Since I was 8 or 9 I’d written stories, but they were stories for the home-made comic strips (“Be-Bop McCarthy,” “Harry Drebbs, Secret Agent,” “The Blue Bug”) that I labored over, ferociously, in the evenings and on weekends. It was a great blow when, at last, I faced the cold hard fact that I wasn’t ever going to be a decent (much less a great, my only goal) narrative cartoonist; I didn’t know it at the time, but my failure to develop drawing chops was pretty basic and pretty fatal: I had no spatial sense, plus my hand-eye coordination pretty much sucked. What made my life’s first great disappointment bearable was—well, actually it was two things.
Although my two stints as a hired hand writing screenplays were, ultimately, not very successful, I’ve never regretted them. For one thing, the jobs were crazily well-paid, by my standards at least, and for another thing, I picked up a lot of narrative strategies that I’ve applied ever afterwards to my fiction. And for another thing I learned a screenwriter’s “game” that I’ve used again and again over the years to generate ideas when ideas weren’t jumping up and biting me in the imagination. The game is this: take two disparate (but successful) movies and splice them–then see what ideas start to percolate. Example? Okay. Um. All right–how about this. The Godfather meets On Golden Pond. What might that look like? Or–The Hangover meets The Evil Dead. See? It’s great.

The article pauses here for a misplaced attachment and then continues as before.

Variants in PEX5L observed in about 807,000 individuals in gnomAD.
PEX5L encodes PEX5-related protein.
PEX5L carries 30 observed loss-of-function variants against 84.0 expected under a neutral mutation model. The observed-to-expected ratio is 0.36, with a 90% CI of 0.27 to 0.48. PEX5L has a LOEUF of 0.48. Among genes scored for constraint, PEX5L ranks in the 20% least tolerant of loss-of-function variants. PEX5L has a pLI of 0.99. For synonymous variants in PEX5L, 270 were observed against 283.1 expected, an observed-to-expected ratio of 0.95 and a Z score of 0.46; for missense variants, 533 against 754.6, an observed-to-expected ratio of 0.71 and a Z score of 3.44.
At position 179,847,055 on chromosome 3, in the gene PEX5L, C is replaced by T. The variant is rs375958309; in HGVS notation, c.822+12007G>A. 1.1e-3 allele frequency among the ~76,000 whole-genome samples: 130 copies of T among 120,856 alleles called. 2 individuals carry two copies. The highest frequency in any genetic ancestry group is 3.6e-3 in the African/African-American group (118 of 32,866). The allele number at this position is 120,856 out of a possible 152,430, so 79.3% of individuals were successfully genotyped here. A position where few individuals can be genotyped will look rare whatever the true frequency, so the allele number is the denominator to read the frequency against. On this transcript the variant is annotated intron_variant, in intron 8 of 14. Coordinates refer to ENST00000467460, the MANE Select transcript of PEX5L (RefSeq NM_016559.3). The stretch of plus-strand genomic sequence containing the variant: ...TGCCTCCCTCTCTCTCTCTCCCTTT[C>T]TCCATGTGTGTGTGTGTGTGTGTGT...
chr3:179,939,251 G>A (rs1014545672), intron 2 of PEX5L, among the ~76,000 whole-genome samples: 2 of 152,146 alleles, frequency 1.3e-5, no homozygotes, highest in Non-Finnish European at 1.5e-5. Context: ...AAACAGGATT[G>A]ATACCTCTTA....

So when Art Spiegelman asked me to write a short story for an issue of RAW that would fit in with the issue’s mini-theme of “50’s Commie Nostalgia,” and when I was desperate for some workable idea, I recalled that old screenwriter’s game. First, I asked myself: when I think of the 1950s, what comes straight to mind? And what came was “I Love Lucy” and the House Un-American Activities Committee, the televised McCarthy hearings, all of those propaganda films we were shown in grammar school, and the anti-communist B-movies of the era like The Red Menace, Whip Hand, I Was a Communist for the FBI…and (bingo!) I Married a Communist (a film by Howard Hughes later retitled The Woman on Pier 13, and a title appropriated much later by Philip Roth). Thus the story below–which originally appeared in RAW Volume 2, Number 1, in 1989–was generated by this bit of associative game-playing: “I Love Lucy” meets I Married a Communist. The result: A 50s “sitcom” (called ”Peg”) about commie spies in the suburbs.